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McStarlite

Application: Polishing
Industry: Aerospace

McStarlite uses a KUKA robot programmed with Robotmaster® to perform polishing (jitterbug) of the inlet lipskins for the A350 Airbus, the first large commercial aircraft to be constructed extensively from carbon fiber reinforced polymer (CFPR).
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OSIC-CARBONE

Application: Orthopedic Milling
Industry: Prosthetics/Orthotics

In 2008, ORTHOPEDIE BONTOUX, a company that has specialised in the manufacture and adaptation of orthopedic and prosthetic apparatus (orthoses and prostheses) since 1982, created its subsidiary OSIC-CARBONE. “We decided to transform our organisation to address the challenges we perceived to be facing our profession. We were widely recognised for the superior performance of our apparatus, manufactured of composite materials, but our business vision had identified revolutionary changes we considered necessary to the entire delivery process, from the precise measurements made of the patient through the rapid production of molds and apparatus. This logically led us to consider a robotic solution for our milling needs. With increased degrees of freedom and reduced physical constraints, the range of movement of the milling robot was an excellent match to the wide variety of size of parts on which we needed to work.
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Weber Aircraft

Application: Trimming/Milling
Industry: Aerospace

Weber Aircraft is one of the leading manufacturers of commercial aircraft seats for airlines and major aircraft manufacturers worldwide. In recent years, they have faced tremendous downward pressure on price while being determined to maintain their excellent and hard-earned reputation for product quality and customer satisfaction. A robotic-based routing cell was the right technical and economic answer to meet these objectives, but integrating the robot workcell into their existing manufacturing engineering process was a problem. Weber needed to be able to program their robot with the same ease, flexibility and efficiency as they programmed their CNC machines.
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Presseartikel

Robotics Industry Association of America, November 2013

Article: Why Robots Are Taking It Off

Never ones to shy away from attention, robots are striking a formidable pose on the material removal stage. Robots are taking it off, stripping it down and smoothing it out. Whether machining or finishing, robotic material removal is being used to cut, grind, deburr and polish all sorts of materials, from food to wood to jet engine components. Recent technological advances have helped bridge the gap between traditional CNC machining and robotic material removal. Some would even say that robotic finishing is a maturing segment. Robotic machining still has a ways to go before it joins the mainstream ranks. In a 2008 white paper, the authors noted two major challenges to widespread adoption of robotic machining. One barrier was the lack of rigidity in the robot arm. The second was the inability to easily translate CAD programming into robot paths. The robotics industry has worked hard to shed these barriers. Most of the major robot manufacturers offer robots specifically designed for greater rigidity. Robot OEMs and other software developers offer simulation and CAD-to-path software that make programming more seamless and precise. Plus a host of specialized end-of-arm tooling (EOAT), force control technology, and other accuracy tools are raising the game.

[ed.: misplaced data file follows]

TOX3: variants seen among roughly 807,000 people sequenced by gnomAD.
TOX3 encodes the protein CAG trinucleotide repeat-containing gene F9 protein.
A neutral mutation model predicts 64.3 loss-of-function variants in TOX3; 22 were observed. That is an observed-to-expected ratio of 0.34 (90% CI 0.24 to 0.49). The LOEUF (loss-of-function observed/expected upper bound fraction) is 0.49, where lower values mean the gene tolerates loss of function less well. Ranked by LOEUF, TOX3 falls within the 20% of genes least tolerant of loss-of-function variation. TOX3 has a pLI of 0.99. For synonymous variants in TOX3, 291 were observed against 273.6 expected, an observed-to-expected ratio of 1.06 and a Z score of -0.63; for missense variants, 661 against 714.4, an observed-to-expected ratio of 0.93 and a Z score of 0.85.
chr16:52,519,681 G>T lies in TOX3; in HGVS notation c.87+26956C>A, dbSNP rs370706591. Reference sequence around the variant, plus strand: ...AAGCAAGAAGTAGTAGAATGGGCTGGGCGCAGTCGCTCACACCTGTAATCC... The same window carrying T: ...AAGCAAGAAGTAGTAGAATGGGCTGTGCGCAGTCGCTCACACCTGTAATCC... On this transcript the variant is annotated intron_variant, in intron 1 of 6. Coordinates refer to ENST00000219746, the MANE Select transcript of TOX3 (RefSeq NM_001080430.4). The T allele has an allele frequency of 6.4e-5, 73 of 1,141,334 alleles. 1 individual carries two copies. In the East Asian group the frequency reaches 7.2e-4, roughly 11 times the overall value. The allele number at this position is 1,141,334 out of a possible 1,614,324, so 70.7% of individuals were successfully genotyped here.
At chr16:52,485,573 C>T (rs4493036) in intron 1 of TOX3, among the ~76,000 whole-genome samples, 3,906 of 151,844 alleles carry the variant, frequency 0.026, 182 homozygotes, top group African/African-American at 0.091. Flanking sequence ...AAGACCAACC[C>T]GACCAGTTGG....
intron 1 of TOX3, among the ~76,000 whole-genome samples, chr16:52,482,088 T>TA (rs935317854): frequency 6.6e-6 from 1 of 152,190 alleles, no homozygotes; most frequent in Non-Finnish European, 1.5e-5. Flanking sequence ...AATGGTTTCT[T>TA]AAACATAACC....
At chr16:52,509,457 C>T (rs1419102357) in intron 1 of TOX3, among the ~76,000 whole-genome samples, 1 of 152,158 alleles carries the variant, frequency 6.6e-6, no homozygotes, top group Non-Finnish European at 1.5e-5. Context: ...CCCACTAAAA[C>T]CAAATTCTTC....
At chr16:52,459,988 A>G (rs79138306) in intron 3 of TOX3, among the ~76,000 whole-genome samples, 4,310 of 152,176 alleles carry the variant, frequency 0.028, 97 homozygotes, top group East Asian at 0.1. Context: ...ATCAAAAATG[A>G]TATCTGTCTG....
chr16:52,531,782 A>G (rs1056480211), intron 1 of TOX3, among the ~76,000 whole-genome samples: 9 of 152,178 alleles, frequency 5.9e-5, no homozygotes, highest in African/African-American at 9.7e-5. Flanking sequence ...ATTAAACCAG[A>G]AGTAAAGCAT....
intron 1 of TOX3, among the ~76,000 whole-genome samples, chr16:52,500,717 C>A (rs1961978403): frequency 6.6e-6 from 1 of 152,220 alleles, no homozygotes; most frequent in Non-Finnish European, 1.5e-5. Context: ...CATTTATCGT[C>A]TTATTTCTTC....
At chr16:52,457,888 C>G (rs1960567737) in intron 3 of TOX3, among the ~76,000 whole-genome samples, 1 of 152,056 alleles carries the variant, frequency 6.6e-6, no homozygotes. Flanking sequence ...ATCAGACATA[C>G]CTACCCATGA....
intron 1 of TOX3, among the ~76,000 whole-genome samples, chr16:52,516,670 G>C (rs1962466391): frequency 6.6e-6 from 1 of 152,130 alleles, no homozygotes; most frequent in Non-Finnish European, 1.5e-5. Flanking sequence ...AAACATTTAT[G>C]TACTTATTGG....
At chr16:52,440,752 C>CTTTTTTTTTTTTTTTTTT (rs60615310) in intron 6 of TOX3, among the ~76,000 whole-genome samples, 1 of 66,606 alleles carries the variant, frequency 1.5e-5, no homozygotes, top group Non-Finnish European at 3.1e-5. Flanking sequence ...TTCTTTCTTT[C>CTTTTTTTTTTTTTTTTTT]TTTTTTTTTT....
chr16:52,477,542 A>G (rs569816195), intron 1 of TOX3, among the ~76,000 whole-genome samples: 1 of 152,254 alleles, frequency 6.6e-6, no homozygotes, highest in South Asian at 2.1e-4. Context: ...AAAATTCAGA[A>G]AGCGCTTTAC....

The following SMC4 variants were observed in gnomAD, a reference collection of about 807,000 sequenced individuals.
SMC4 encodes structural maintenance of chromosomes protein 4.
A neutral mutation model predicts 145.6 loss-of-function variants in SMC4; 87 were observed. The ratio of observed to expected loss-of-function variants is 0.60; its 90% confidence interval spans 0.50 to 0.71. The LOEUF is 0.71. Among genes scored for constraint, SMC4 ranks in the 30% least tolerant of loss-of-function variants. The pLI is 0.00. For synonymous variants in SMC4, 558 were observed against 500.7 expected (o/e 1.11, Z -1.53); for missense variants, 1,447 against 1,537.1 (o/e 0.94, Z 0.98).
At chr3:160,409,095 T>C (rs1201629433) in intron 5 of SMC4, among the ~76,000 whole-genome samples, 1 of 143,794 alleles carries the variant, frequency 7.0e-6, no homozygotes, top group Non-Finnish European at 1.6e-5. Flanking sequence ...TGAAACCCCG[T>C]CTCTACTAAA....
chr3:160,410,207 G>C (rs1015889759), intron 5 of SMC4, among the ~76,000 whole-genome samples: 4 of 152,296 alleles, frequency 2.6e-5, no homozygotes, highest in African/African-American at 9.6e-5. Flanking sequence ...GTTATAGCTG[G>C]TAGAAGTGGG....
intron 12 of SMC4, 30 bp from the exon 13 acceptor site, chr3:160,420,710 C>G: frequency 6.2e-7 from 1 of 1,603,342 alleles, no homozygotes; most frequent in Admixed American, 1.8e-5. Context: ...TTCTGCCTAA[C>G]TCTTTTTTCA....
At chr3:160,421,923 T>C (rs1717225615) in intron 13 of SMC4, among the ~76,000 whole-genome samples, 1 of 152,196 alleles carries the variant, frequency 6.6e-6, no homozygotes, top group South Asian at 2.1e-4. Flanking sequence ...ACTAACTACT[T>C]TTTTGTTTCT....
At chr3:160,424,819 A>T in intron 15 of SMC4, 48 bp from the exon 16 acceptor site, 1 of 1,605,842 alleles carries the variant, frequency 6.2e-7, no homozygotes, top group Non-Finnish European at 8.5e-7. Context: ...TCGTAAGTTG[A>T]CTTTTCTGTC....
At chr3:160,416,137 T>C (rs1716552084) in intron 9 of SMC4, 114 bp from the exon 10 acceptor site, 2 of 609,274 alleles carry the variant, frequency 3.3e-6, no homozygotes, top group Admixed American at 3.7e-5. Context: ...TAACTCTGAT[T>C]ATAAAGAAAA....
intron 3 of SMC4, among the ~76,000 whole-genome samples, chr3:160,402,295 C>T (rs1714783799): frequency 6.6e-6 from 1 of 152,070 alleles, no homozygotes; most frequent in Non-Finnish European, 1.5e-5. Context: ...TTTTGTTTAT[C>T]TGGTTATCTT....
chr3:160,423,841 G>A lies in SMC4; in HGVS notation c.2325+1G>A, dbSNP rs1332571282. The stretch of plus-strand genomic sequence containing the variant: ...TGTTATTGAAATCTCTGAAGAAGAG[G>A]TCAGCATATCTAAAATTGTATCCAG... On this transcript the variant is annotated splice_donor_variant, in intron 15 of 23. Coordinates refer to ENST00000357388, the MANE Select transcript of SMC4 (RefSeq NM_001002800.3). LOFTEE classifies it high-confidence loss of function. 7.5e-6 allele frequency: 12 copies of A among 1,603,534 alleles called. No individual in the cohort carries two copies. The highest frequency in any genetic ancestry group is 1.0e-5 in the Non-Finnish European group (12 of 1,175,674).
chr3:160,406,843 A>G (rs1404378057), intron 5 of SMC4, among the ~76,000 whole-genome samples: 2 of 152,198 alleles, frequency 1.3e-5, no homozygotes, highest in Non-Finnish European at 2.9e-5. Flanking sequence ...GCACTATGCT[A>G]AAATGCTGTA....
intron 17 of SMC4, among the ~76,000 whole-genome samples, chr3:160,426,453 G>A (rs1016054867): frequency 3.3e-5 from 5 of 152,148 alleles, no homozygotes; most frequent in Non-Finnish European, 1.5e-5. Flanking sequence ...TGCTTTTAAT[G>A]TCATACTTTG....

Robotics Industry Association of America, November 2013
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European Tool & Mold Making, December 2010

Article: CAD/CAM Software Specialized for Robot Programming Supports Shop-Floor Integration of Robots

The use of industrial robots to automate such shop-floor tasks as debugging, trimming, polishing and welding, and also for performing rapid prototyping, machining and waterjet cutting with a single part setup, is becoming increasingly common and popular. Until recently, however, the lack of available good programming solutions for robots was a limitation for manufacturers wanting to adopt robot technology for shop-floor, rather than production-line tasks. That changed when Jabez Technologies developed Robotmaster CAD/CAM software, now distributed within the European market by Intercam S.A.
European Tool & Mold Making, December 2010
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European Tool & Mold Making, January 2010

Article: Robotics Software Allows a Machining Robot to be Programmed Just Like a CNC Machine Tool

Machining robots are growing in market demand owing to their attractiveness to manufacturing companies looking for a time- and money-saving alternative to CNC machine tools. Robotmaster software for programming 6-axis robots provides the same flexibility and speed as software used for programming CNC machine tools because it seamlessly integrates robot programming, simulation and code generation all within a CAD/CAM environment.
European Tool & Mold Making, January 2010
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Metalworking Production

Article: CAD CAM for Robots

As robots become more popular for tasks which previously required CNC machines, software is appearing which supports the need for increased control and efficiency.
Metalworking Production